OSSIPEE — Selectmen are telling the state of New Hampshire to mark "zero dollars" for Ossipee's local school tax rate because they believe education is the state's responsibility.
Meanwhile, the local school district is threatening to sue the town for failing to pay its bills.
The town of Ossipee is served by the Governor Wentworth School District and SAU 49. Its designated high school is Kingswood Regional in Wolfeboro.
The three members of the Ossipee Board of Selectmen are Martha Eldridge, Sandra "Sam" Martin and Sue Simpson.
The board on Monday approved a letter to the New Hampshire Department of Revenue Administration stating they believe that having the town do billing and collecting for local education runs counter to Article 5, Part 2 of the state Constitution. They cited a court case involving the town of Londonderry in 2006.
The letter closes by saying that although RSA Ch. 76:8 might authorize that, they find doing so to be unconstitutional. It asks the DRA to give them a tax rate of $0 per $1,000 of property value.
"This is a letter stating that we're going to stand our ground," said Martin. "We are not going to capitulate to the school board ... They are now saying they are going to take us to court. They are going to spend the children's educational funds taking us to court when they can't manage their own fiscal responsibility."
Peter Roth, revenue counsel for the DRA, told the Sun what selectmen are asking to do is "unprecedented."
In a follow-up email Friday, he said, "With respect to the local education taxes for the town, we receive information from and provide rates to the school board and not the select board. As a result, the commissioner cannot abide the select board’s request, and we will send to the school board an education tax rate as we are required to do by law.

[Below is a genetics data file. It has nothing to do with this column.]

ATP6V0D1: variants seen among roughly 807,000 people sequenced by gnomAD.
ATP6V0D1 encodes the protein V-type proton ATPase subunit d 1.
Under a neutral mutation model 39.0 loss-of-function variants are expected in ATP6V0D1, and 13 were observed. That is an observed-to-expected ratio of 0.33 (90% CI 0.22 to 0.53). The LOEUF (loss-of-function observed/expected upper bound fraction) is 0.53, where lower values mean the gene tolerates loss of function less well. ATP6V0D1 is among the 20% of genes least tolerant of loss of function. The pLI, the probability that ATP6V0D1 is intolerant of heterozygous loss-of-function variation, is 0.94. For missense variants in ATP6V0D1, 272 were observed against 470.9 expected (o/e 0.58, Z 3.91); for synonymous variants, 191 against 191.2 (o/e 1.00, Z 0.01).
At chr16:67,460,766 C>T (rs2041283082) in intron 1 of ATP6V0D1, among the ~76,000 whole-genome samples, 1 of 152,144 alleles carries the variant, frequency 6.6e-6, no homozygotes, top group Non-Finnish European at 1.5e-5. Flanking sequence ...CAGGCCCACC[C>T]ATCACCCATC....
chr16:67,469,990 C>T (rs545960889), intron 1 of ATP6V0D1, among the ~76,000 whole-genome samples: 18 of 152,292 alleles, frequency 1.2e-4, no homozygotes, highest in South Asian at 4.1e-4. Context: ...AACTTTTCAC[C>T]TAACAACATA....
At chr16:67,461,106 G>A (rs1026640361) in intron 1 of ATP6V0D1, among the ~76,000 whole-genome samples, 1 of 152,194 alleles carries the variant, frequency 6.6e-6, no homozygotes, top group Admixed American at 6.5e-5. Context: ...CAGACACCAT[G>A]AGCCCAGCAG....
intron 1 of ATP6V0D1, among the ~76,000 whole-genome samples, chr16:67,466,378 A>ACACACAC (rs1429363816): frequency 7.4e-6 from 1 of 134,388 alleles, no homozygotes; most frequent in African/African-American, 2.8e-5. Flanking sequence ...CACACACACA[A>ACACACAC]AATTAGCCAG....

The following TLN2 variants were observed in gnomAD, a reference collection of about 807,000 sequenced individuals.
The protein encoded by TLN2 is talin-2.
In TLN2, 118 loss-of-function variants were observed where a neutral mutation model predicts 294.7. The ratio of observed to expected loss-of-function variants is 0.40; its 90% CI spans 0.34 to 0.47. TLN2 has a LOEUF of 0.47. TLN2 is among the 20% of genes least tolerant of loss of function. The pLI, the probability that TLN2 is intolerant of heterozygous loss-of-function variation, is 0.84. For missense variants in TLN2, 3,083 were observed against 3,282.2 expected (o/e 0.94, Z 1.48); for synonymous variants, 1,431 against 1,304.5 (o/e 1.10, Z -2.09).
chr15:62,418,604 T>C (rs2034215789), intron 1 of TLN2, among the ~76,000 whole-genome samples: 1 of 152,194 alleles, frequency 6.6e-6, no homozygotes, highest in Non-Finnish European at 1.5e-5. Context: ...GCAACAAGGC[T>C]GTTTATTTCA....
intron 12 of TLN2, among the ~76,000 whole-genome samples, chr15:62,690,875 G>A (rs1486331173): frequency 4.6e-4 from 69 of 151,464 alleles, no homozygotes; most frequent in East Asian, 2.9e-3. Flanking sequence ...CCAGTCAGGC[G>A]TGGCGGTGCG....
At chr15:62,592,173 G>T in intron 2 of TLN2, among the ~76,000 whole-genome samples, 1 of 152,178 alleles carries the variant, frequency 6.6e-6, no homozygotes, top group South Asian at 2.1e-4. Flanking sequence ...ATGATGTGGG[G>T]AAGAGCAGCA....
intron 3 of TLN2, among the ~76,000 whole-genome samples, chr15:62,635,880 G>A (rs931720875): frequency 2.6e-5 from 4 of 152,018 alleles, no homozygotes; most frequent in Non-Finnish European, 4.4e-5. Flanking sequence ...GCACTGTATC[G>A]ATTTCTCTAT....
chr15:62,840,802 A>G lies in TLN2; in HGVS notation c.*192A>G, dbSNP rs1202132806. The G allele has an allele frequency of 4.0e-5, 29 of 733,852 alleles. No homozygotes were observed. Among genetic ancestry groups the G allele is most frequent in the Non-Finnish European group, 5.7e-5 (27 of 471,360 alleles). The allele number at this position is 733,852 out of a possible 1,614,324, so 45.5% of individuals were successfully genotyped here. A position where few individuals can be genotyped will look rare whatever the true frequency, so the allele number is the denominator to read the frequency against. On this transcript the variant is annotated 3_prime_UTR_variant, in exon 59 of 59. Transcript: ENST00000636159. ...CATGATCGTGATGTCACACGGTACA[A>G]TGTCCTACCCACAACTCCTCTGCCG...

"We also do not agree with the legal conclusions that are expressed in the select board’s letter, and simply recommend that they consult the town’s attorney."
On Monday, Martin moved for the letter to be signed. The motion passed 3-0 with little discussion.
The school district and selectmen also are at odds over the tax payment schedule for money from the town to the district.
The town wants to make equal monthly payments, while the district is asking the town to abide by its billing schedule.
An Oct. 17 letter from the district's legal counsel — Diane Gorrow of Soule, Leslie, Kidder, Sayward & Loughman — threatened to take the town to court.
"If the town does not commit to pay the district in accordance with the district's schedule, which includes paying the past due amounts and paying the amount due on Nov. 1, the district will have no choice but to file suit," the letter says. "In that action the district will ask the court to award the district its attorney fees and costs for having to file suit to secure a clearly defined right."
The letter said that by Nov. 1, the town needed to pay $1,107,560, which includes $572,004 that is "past due."
Governor Wentworth District Chairman Jack Widmer of Tuftonboro told the Sun that because this is a legal issue he couldn't comment.
Martin read Gorrow's letter aloud at the Oct. 21 selectmen's meeting. She then said Gorrow didn't cite any specific state laws to back up her argument.
"We are up to date as far as we're concerned," said Martin. "I think they need to manage their money better."
Selectmen were encouraged to take their stance on education funding by Gilmanton resident Joseph Haas, who spoke to selectmen on Sept. 30.
Haas told the selectmen that they had the legal right to contest the tax rate set by the state if it's set at anything other than zero dollars.
The Sun contacted Haas on Thursday to ask if that could cause a crisis.
"Yes, and especially if the State Legislature doesn't fix this right away," said Haas, who believes the situation could be solved by adjusting business taxes.
In September, Haas suggested the selectmen ask the Board of Tax and Land Appeals about the tax rate. But at the Oct. 7 meeting he said that the request should be going to the DRA.
As far as the payment schedule goes, Haas believes there is no "specific timetable" for the town to pay the district.
Haas said some of his information came from an education funding forum held in Wolfeboro in May. A speaker at that forum was Executive Councilor Andru Volinsky, who is now a Democratic gubernatorial candidate. His campaign website says he was the "lead lawyer in the Claremont School Funding cases that established the right to a state-funded public education"
The Sun asked Volinsky for his opinion on Haas.
"I generally think Joe is harmless and well-intentioned, but I don't think his effort makes sense and there is no need to give deep consideration to his legal advice," said Volinsky.
Selectmen and the school board will each hold scheduled meetings Monday.
Selecmen meet at 4:15 p.m.at town hall. The Governor Wentworth School District School Board is meeting at 7 p.m. at the New Durham School.